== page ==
“In order to pursue its regeneration objectives, the Council is planning to enter into a series of joint venture arrangements with private sector partners. There may be circumstances in which it is advantageous in financial and risk terms for the Council to consider acting as banker for a scheme, subject to the terms and exposure being acceptable. In this context, it is proposed that the annual investment strategy is amended to permit the Directors of Finance and Law and Democratic Services, in consultation with the Cabinet Member for Resources, to invest in such schemes provided that the overall terms of the arrangement are suitably advantageous for the Council, subject to the Soft Loan accounting requirements contained in the 2007 Statement Of Recommended Practice.”
Whilst the decision may have been within the letter of this resolution, it does not appear to have been within its spirit. The decision was not made in pursuit of regeneration objectives, but, according to the Cabinet Member Briefing Note, primarily in support of social inclusion and sustainability objectives. Also, the decision was not made as a consequence of a decision by the full council or cabinet to implement town-wide wireless internet access, but as a result of the company approaching the council seeking investment.
5) If this decision were not within the scope of investment decision described in (4), the council’s constitution does permit delegated decision by individual cabinet members in certain circumstances. That delegated authority is specified on page 5 of the constitution:
“To speed-up decision making and to allow the Cabinet to concentrate on major matters, Cabinet Members have the delegated power to make day-to-day decisions in relation to the areas within their portfolio.”
Given that the decision to loan £450,000 and take a 40% share in Digital City UK Ltd for the purpose of it providing boroughwide wireless internet was announced with a press release on 16 November, and the launch of the service in Highworth was by a member of the parliamentary opposition’s shadow cabinet and accompanied by further press coverage, it seems to me that this decision is firmly in the class of ‘major matters’ for which the delegation described on page 5 of Swindon Borough Council’s constitution should not occur.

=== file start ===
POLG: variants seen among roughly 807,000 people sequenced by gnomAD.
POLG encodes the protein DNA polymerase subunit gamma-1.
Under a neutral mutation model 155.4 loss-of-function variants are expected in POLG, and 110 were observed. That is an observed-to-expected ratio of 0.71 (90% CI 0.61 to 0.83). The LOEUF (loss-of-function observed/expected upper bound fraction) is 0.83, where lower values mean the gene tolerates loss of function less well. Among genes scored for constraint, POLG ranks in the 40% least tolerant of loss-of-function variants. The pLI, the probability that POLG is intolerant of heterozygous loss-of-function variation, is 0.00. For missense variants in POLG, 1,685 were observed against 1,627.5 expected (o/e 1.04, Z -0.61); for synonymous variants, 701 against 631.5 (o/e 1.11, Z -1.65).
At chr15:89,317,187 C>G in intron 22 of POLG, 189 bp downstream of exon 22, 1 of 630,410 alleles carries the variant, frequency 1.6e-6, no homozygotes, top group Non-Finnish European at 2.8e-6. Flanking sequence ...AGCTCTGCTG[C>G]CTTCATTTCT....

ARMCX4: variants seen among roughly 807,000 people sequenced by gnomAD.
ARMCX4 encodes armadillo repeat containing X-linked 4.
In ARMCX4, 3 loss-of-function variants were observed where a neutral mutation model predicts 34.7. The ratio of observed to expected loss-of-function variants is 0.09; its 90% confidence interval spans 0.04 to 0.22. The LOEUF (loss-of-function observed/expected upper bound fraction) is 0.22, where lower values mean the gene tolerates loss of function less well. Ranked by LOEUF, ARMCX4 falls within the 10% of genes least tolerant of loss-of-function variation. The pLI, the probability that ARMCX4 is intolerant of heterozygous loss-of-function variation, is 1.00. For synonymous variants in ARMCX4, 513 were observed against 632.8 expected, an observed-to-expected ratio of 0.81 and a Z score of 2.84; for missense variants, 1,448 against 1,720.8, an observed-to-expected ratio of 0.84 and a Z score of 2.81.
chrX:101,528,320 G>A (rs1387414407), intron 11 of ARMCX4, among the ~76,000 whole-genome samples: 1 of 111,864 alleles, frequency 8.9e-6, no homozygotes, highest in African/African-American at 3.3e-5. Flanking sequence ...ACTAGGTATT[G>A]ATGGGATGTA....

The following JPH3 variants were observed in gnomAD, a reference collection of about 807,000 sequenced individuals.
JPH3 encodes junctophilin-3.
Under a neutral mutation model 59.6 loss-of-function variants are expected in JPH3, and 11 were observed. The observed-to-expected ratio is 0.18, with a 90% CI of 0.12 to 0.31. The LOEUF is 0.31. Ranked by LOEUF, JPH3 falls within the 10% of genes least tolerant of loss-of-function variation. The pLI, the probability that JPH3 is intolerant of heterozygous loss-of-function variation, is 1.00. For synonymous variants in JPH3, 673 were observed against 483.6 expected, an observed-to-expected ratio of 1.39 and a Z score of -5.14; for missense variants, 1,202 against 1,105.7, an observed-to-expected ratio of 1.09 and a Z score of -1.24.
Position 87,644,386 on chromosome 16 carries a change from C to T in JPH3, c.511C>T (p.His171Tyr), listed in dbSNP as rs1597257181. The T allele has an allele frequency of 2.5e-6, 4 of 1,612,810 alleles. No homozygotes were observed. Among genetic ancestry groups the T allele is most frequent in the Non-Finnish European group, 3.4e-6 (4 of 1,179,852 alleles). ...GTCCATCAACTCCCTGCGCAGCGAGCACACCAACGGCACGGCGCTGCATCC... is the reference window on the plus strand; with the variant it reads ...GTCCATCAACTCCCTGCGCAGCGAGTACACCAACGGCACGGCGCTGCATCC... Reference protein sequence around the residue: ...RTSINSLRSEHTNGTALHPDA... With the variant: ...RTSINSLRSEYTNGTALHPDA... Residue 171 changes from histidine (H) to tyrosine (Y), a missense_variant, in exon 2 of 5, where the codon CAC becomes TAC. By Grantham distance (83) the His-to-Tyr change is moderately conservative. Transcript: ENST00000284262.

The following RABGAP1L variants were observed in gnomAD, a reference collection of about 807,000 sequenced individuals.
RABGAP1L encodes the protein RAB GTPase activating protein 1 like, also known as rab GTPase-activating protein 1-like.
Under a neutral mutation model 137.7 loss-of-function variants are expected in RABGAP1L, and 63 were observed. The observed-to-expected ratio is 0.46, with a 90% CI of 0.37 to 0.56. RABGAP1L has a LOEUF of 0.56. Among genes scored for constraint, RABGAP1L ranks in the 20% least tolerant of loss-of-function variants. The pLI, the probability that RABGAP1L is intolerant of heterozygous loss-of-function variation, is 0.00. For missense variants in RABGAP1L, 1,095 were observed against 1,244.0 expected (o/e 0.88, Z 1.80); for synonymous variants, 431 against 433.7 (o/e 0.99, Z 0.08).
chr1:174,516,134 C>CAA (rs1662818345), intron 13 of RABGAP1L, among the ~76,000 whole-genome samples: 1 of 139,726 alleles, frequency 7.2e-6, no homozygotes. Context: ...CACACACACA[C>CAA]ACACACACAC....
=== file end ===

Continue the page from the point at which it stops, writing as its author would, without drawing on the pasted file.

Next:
6) Swindon Borough Council is allowing Digital City (UK) Ltd to send and receive commercial and private internet traffic via its own Local Authority access point(s) to the internet. I am concerned that this may have serious implications under the Government Code of Connections (’CoCo‘), and that Swindon Borough Council may be inappropriately subcontracting or reselling internet service supplied to local authorities.
Whilst none of these issues individually may be cause for great concern, taken together I believe they are sufficient to warrant further investigation. Given the complicated nature of company law I would like the audit commission to examine the commercial relationships mentioned above and clarify whether they are appropriate and represent acceptable and best use of public money.